Don't worry, see how things go!

We switched back and forth between cloth and disposable over time—you might also end up experimenting with what works for your baby & situation. For example, even during the height of our cloth phase, we often switched to disposable when traveling (when regular laundry was harder to come by).

Preventing Blowouts

The First Poopie Blowout is a wonderful rite of passage for all parents. Someday, you'll have stories to tell of the Epic Blowouts of your children, like the time that we forgot to bring an extra pair of clothes for Adam on a flight to Hawaii 🤦. Sometimes there's nothing you can do, but here are a few tips:

  • When in doubt, get the bigger size diaper. You can always cinch the diaper more snug around the waist (as long as it isn't ridiculously too big)...usually blowouts go up the back, so you want more material there.

  • Try cloth. We used cloth almost exclusively for Adam's first ~5 months, and had relatively few blowouts. Some moms claim that cloth diapers prevent blowouts more.

  • Remember that (almost) everything washes. After one particularly epic time Adam got both of us and our ErgoBaby covered in poo, everything was back to normal after a load of laundry and a baby-daddy shower.


  • Best Diapers: Bambo Nature - these are expensive and hard to find (the only place that sells them in SF is Natural Resources, although they're on Amazon and you can also buy them direct) but universally acclaimed online (e.g. by Baby Gear Lab and these various blogs) for both performance and healthiness for your baby

    • Note that we bought some of these for our newborn because we thought it would be easier than cloth diapers, but we found that they weren't as absorbent, etc. as the better cloth diapers (e.g. Blueberry)...and if you have a big enough cloth diaper stash, the laundry isn't too bad. We eventually switched back to Bambo after ~5 months.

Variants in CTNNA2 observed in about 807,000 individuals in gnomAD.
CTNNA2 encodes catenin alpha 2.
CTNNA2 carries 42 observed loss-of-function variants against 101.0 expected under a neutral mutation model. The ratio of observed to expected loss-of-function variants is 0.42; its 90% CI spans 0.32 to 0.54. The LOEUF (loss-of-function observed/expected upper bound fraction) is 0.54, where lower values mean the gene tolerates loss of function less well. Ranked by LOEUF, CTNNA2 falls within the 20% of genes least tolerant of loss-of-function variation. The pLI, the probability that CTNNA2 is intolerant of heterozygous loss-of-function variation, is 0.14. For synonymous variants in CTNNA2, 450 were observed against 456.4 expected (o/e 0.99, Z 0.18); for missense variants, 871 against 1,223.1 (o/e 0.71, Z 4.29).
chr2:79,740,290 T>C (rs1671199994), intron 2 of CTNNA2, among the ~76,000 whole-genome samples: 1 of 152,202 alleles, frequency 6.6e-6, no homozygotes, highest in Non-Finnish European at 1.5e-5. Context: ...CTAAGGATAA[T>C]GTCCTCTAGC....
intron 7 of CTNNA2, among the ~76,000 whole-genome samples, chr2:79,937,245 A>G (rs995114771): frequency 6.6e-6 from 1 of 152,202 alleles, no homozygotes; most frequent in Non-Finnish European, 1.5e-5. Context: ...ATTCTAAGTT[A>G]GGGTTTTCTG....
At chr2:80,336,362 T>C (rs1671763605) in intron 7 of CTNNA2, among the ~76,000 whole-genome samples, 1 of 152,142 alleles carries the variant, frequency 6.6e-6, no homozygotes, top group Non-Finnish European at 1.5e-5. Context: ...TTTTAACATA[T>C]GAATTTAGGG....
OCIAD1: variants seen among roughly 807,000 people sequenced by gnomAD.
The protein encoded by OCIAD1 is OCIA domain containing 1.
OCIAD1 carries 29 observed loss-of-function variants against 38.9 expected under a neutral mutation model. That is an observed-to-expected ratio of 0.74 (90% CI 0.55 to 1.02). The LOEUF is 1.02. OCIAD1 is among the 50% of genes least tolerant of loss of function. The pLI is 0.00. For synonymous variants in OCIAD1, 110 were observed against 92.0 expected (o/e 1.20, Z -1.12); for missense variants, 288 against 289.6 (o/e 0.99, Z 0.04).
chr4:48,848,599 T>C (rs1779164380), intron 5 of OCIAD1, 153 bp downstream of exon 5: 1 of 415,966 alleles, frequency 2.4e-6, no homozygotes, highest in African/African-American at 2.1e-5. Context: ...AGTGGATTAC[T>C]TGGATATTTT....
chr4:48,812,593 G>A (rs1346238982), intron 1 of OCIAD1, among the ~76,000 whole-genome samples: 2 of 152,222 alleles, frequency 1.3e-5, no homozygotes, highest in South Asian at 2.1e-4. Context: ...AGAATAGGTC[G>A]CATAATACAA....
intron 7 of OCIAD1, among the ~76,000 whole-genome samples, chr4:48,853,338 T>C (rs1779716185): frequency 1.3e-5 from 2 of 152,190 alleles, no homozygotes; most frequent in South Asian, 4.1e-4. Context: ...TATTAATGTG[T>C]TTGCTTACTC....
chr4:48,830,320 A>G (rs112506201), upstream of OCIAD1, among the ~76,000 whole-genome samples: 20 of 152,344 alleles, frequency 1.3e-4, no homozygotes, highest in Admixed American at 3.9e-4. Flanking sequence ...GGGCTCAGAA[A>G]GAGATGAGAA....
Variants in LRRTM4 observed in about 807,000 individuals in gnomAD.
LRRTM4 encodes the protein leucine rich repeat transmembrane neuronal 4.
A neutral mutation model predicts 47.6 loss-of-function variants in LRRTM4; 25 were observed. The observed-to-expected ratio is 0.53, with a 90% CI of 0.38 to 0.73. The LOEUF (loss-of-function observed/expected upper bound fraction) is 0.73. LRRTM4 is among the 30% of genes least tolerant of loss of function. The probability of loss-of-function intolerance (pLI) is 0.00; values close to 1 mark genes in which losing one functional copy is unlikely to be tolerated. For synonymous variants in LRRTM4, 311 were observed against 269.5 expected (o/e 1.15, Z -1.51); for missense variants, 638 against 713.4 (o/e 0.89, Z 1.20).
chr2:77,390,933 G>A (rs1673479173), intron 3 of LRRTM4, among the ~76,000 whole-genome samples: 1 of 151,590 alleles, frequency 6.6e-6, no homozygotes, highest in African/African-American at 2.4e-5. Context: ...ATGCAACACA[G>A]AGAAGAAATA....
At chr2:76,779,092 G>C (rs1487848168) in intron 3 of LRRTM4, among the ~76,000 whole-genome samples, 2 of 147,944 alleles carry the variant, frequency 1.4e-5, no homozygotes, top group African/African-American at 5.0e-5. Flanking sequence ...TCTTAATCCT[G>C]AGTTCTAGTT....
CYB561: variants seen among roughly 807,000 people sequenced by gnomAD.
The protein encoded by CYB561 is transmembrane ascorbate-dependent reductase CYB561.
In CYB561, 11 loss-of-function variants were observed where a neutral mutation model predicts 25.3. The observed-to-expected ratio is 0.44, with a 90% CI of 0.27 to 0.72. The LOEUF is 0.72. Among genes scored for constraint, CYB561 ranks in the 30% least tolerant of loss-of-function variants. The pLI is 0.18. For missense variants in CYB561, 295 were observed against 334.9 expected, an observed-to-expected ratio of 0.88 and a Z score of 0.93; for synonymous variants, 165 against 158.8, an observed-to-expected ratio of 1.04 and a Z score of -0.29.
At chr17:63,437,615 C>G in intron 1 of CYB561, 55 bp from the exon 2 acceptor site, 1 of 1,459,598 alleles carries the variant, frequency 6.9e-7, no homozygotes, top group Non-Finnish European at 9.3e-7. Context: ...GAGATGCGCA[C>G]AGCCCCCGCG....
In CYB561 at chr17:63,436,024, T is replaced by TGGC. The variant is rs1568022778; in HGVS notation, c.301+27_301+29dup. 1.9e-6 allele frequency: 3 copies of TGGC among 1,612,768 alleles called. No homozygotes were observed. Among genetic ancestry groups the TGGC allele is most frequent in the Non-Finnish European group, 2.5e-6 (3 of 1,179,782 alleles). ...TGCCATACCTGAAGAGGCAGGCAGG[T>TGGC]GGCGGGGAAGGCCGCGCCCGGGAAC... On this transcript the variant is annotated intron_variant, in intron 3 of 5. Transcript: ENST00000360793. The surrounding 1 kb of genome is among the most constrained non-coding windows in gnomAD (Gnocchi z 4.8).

• Budget-Friendly Hippie Diapers: Earth’s Best TenderCare

    • Non-Hippy Diapers: Pampers Swaddlers - recommended by Lucie's List and a lot of other folks.

      • Lucie's list also recommends Pampers Baby Dry for overnight, and Pampers Cruisers for older babies during the day. Wirecutter also has Swaddlers and Cruisers as their "upgrade pick"

      • Cheaper: Target (Up & Up) or Walmart (Parent's Choice) brands - Wirecutter says they're both pretty good, with Walmart's usually being cheaper

    • European Diapers: Moltex - on a recent trip we found this German brand, and liked them even more than Bambo. They can be found at a variety of stores (e.g. in Italy they sell them at NaturaSì). Also note that outside of North America they call diapers "nappies" (this was helpful when talking with a Swiss grocery store clerk who spoke fluent—but British—English)

  • Best Wet Wipes: Water Wipes - these just have water and some essential oils—that's it. They are great for sensitive skin and wipe off the worst messes easily...but they do have 2 disadvantages: First, they are a bit tricky to get out of the container. Second, because they don't have any alcohol, etc. after you've wiped your baby off, it will take a little while for their butt to dry.

  • Composting (in SF Bay Area) - there are two Bay Area companies that will pick up your compostable diapers (they cannot go in the green bin municipal compost—they have to go in the black "trash" bin), but you have to buy all your diapers from them too

    • Tiny Tots - the advantage is that they carry Bambo Nature as well as Nature Babycare, and they have a cloth exchange service...but they're a bit more old-school (everything is done over the phone)

    • Earth Baby - our friends had a much better experience with them and found them to be efficient, although they only have Nature Babycare diapers (which are also supposed to be good, although not rated as high as Bambo)


There are a lot of options, which can be a bit bewildering...here's a quick summary:

  • Stuff that Requires a Diaper Cover - the following diapers require a separate "diaper cover", either made with plastic or lanolized wool

    • Old School Diapers - these require either safety pins or a Snappi or Boingo (Dirty Diaper Laundry YouTube likes the Snappi for most uses) to fasten

      • "Flats" - your grandmother's diaper, basically a piece of cloth that gets folded around the baby; you can even use flour sack towels

      • "Prefolds" - what you probably think of when you think of "cloth" diapers (I had these when I was a baby), basically a very thick piece of cloth

        • you can also "trifold" ("no-pins") this in the middle of some diaper covers, like a big "insert" (see below), thus avoiding having to fold/snappi around your baby

        • what most cloth diaper services (like Tiny Tots in the Bay Area) use

        • these are also super-useful as burp cloths / cleanup towels

    • "Fitted" - often made of the similar material to prefolds, but have elastic are cut to more easily fit a baby and often have built-in snaps or velcro